Cryptocurrency and death: Where’s your key?
Matthew Burgoyne and Shelley Waite, TEP, offer guidance on incorporating and protecting your cryptocurrency in your will and estate plan. Matthew is head of the Cryptocurrency and Blockchain group at McLeod Law and Shelley is a partner in our Wills, Trusts and Estates group.
Based on a quick market scan, over 5,000 different versions of cryptocurrencies exist today and global cryptocurrency market is expected to grow with a compound annual growth rate of 56.4% for the period of 2019 through 2025. Cryptocurrency is a digital currency that uses blockchain technology to create a decentralized, immutable, public ledger. More simply put, it is an Internet-based financial transaction between two parties, using digital cash.
Once a cryptocurrency account is established and funded, a private digital key is generated and only the owner has access to it and the funds held in the account. Storing this private key is essential for the owner to be able to continue to access and manage it.
How do I ensure my cryptocurrency is included in my estate plan?
Shelley includes cryptocurrency, other digital assets, online trading accounts, etc. on their intake interview sheet, and drafts authorization into the Will and power of attorney for the executor or attorney to deal with these assets.
Matthew recommends the use of a separate memorandum that identifies the type of cryptocurrency held and where it is stored. The reason why this is important is unique to this type of digital asset. If the sensitive private key information is in the will itself, these details become part of the public record through the probate process, potentially exposing valuable information that can put the assets at risk.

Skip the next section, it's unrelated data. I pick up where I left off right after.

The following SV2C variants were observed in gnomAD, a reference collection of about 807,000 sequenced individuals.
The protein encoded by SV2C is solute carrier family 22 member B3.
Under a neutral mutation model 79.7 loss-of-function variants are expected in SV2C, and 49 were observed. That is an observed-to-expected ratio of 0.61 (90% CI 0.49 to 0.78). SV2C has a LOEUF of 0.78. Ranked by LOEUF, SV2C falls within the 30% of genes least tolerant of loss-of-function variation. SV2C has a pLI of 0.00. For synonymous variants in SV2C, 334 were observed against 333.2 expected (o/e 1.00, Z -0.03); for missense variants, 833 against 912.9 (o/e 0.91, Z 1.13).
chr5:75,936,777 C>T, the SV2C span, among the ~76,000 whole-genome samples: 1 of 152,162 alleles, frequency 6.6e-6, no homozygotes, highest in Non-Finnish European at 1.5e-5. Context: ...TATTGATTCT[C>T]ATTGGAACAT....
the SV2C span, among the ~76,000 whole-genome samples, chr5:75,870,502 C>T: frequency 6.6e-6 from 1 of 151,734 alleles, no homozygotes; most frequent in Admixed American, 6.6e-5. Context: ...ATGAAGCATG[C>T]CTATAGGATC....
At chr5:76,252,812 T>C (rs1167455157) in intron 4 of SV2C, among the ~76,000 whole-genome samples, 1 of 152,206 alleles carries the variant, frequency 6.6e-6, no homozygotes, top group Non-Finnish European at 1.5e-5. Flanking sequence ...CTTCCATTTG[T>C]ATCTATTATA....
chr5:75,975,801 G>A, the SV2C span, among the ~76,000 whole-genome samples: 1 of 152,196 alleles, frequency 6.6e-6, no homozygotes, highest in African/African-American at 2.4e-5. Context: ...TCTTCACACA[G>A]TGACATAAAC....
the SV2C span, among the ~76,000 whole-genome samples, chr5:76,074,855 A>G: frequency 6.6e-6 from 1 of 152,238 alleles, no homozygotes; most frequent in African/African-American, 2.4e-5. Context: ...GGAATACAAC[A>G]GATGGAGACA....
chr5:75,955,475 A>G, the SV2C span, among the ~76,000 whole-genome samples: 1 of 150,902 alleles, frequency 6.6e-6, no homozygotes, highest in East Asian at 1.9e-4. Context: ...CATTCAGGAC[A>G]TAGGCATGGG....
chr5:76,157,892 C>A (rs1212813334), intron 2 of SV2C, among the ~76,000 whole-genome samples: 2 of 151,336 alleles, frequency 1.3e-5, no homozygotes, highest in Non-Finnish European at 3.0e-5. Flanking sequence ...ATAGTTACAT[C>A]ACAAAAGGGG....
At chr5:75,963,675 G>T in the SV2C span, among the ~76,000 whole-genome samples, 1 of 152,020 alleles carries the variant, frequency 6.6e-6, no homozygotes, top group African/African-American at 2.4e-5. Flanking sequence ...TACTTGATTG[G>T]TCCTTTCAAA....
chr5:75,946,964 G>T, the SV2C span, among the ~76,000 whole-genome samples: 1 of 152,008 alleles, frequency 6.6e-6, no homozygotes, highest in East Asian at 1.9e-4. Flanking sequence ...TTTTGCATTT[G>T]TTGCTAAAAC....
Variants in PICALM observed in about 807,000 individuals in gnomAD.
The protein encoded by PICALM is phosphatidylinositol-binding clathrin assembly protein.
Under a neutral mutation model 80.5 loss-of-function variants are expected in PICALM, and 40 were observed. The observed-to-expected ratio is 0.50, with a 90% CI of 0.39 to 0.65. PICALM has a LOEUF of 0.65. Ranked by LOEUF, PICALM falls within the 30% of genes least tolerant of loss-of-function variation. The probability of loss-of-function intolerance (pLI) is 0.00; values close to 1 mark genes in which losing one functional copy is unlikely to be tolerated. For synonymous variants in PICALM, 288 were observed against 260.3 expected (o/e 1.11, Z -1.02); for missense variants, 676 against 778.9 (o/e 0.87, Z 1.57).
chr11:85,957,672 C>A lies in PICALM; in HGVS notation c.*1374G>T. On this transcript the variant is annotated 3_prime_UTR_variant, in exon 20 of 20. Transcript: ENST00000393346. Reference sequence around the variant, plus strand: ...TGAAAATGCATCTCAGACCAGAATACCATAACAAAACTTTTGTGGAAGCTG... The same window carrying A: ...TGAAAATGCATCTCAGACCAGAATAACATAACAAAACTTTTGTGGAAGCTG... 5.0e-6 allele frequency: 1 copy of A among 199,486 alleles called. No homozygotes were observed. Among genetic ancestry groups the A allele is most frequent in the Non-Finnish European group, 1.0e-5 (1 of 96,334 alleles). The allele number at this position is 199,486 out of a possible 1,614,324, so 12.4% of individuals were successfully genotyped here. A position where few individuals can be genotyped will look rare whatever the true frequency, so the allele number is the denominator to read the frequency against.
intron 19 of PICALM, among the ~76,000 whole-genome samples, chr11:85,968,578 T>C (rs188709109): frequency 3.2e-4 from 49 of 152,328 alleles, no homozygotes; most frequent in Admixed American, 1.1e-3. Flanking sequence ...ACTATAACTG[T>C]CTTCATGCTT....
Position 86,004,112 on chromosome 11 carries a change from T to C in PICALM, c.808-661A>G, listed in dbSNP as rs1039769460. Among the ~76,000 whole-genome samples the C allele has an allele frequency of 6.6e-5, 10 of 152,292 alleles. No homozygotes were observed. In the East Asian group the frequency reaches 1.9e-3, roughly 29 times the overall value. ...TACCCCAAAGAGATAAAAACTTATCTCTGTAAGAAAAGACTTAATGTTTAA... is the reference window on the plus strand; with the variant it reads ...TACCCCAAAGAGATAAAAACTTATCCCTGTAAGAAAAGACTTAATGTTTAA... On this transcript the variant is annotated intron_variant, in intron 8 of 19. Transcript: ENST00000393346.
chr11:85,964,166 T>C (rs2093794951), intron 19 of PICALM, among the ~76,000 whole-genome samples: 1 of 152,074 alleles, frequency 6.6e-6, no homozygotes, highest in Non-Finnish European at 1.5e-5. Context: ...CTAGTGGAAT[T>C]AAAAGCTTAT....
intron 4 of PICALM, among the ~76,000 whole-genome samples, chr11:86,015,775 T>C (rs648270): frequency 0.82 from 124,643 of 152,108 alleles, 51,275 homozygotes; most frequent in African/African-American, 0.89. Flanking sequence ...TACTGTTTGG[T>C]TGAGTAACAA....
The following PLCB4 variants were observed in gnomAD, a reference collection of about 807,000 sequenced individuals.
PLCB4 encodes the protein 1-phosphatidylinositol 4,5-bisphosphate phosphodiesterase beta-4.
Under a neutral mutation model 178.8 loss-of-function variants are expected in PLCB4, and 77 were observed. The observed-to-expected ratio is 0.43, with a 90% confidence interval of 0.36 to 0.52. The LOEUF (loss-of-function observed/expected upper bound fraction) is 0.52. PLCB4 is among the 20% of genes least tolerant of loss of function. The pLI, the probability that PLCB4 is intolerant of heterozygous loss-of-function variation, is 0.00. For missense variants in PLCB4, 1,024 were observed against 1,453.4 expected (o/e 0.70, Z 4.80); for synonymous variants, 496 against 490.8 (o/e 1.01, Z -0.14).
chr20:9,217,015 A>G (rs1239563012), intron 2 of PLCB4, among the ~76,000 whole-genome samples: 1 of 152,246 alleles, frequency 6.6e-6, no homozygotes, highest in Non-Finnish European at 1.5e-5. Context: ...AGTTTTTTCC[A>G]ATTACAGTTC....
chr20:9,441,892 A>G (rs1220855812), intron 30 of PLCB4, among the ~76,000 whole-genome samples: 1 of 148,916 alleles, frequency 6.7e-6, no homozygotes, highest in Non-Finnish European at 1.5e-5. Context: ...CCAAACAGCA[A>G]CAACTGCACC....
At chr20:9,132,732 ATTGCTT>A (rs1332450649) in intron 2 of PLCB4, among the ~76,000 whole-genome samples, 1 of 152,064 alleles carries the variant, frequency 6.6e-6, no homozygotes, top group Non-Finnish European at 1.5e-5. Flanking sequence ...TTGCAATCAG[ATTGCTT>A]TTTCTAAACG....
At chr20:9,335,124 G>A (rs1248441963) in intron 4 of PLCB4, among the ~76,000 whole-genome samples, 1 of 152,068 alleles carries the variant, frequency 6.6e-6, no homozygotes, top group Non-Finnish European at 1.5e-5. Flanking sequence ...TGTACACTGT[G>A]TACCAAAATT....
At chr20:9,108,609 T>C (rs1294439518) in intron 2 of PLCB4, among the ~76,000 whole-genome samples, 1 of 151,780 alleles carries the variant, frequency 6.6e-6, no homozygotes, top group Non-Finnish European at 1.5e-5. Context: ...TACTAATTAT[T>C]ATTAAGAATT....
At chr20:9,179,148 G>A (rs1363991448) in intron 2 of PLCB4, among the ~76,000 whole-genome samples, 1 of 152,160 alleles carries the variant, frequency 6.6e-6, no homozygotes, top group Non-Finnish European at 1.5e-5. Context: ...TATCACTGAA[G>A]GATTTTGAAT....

How careful should I be with my private digital key?
As anyone can access cryptocurrency with the private digital key, Matthew underscores that secure storage of this key is vital. He recommends cryptocurrency holders use third-party services to manage their private keys in the event of death, or leave the private key with a trusted family member or advisor, or keep a list of the private keys on a thumb drive in a safety deposit box to ensure the cryptocurrency is accessible to executors, attorneys and/or heirs.
Matthew has also encountered the unconventional method of account holders using a ‘dead man’s switch,’ which is an automated program that emails the user at specific times and waits for a reply. If the program does not receive a reply within a certain period of time, it will automatically check death certificate records. If you have died, the program will transfer the contents of your cryptocurrency wallets to a specific account, for example, the account of an executor, which you set up beforehand. There are various programs available that rely on the inactivity of a user or a request from multiple friends or family of a user to transfer your cryptocurrency to a designated account.
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This article was originally published in Concentra Trust's Insights publication.